“Do you know anyone … ?” (part 1 of 2)

I was in a meeting earlier today with a client talking about some upcoming projects we are working on together. Towards the end of the meeting my client asked me the question “Do you know anyone …?”

I have heard these four simple words thousands of times during my working life – in fact its how I feed my family!

As a headhunter/executive searcher the bulk of my work involves broking relationships between various parties. For the first half of my search career it was bringing together employer and potential employee, however, in recent years I’ve been the “glue” between various business parties wanting to achieve a mutual outcome.

Anyway, back to my client meeting. My client asked me if I knew anyone that worked in a specific field within the Australian Agribusiness industry. My response (always) in this type of exchange is yes.

As I left the meeting and started to reflect on my client’s need, I thought how many of your accounting clients need that same type of help. People, be they business owners or employees, tend to trust their accountants and often go to them for advice, financial and  otherwise (see the 26 January post and read about Sandra’s story).

It is clear from the posts contained in this blog that clients are wanting more and more from their accountants, lawyers and other advisers. For example, what if one of your clients asked you “do you know anyone …?” As a trusted adviser is it really good enough to give an outright “No …  I don’t” without even trying. Is that really good enough?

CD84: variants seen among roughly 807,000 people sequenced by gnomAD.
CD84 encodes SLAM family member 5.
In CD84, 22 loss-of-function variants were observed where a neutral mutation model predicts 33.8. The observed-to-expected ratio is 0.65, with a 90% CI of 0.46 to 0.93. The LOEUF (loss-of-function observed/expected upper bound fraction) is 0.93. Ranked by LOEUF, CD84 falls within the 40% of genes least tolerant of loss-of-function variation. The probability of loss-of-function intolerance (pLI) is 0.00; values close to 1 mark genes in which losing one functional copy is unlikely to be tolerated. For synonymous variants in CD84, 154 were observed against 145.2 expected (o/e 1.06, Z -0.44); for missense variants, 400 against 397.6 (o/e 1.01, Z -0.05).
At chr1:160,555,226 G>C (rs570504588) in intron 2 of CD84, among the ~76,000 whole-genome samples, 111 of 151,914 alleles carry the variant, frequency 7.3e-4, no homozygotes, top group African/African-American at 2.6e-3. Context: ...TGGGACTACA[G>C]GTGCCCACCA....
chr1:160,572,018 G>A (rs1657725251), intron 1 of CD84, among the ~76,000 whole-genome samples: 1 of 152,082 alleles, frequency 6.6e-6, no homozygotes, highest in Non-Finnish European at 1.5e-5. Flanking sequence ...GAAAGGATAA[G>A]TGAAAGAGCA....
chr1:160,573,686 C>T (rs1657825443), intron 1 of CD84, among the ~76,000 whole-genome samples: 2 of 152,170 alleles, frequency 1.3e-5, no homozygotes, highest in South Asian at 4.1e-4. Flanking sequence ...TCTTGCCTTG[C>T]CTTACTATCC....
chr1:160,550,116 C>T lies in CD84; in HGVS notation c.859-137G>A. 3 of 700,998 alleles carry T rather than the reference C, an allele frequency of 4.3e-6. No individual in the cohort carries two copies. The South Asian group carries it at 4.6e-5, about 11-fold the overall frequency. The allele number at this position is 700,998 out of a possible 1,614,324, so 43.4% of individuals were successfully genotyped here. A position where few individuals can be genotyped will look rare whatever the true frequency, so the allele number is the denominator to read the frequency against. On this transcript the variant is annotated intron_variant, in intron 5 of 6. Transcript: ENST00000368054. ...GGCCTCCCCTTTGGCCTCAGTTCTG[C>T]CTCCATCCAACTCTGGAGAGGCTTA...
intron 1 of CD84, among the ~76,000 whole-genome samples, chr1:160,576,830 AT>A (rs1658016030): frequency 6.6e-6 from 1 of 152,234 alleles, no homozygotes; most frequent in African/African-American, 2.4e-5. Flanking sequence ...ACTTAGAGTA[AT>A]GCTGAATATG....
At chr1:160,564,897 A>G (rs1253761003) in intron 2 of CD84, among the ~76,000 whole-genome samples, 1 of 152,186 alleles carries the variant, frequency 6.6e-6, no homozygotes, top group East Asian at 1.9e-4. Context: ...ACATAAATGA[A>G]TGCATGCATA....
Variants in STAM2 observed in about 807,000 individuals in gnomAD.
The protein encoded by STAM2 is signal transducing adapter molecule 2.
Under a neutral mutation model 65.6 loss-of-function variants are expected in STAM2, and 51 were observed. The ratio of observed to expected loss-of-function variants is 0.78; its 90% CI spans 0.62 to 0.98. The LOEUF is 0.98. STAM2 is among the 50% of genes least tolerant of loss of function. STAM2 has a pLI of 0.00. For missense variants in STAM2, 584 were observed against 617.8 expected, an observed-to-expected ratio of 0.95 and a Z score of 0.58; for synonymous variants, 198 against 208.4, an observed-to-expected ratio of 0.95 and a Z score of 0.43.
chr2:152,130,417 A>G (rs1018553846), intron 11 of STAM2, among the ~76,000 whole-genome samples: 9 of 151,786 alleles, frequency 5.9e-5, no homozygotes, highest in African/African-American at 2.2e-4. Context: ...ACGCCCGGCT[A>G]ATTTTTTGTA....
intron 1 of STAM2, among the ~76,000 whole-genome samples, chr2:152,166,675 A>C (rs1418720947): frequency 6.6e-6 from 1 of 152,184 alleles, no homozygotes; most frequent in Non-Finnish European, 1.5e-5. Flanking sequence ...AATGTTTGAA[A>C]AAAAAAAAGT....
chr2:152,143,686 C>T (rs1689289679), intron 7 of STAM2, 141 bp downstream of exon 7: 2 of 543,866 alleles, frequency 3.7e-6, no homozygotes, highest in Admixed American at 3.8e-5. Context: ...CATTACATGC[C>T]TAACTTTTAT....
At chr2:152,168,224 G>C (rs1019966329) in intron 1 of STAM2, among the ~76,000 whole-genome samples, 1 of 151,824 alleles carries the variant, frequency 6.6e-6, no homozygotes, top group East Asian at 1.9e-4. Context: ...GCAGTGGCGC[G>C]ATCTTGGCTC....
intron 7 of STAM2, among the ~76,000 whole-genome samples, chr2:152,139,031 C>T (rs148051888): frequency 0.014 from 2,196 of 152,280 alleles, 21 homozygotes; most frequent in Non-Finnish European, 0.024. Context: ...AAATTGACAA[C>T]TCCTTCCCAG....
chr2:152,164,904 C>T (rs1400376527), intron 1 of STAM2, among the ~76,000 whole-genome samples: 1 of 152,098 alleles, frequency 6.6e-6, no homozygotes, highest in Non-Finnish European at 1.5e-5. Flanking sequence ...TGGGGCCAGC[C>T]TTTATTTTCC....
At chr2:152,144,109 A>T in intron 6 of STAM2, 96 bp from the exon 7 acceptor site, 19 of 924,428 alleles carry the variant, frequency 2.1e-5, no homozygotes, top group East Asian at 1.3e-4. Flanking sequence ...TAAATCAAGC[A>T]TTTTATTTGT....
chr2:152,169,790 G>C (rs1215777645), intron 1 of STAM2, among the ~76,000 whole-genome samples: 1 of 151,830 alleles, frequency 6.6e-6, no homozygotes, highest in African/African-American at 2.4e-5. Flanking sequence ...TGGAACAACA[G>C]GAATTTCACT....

Now lets not be ridiculous about this. If a client comes asking you if you know anyone who can teach him/her pole dancing then you can safely say that you don’t. (Unless of course you do which is kind of funny on several different levels 🙂 ).

However, if a client comes seeking some help with an introduction to someone with marketing expertise or web development skills or legal knowledge about a particular area or anything else that will help him/her in their business and/or personal life wouldn’t it be better for both parties if you were able to help? Your client would be happy and be grateful to you; and would have a deeper and more meaningful relationship with your client. Not a bad outcome.

I’ll share with you in the next post one of the ways I get to know people that is both quick and inexpensive. Well worth reading!

Keep smiling and bye for now,

James E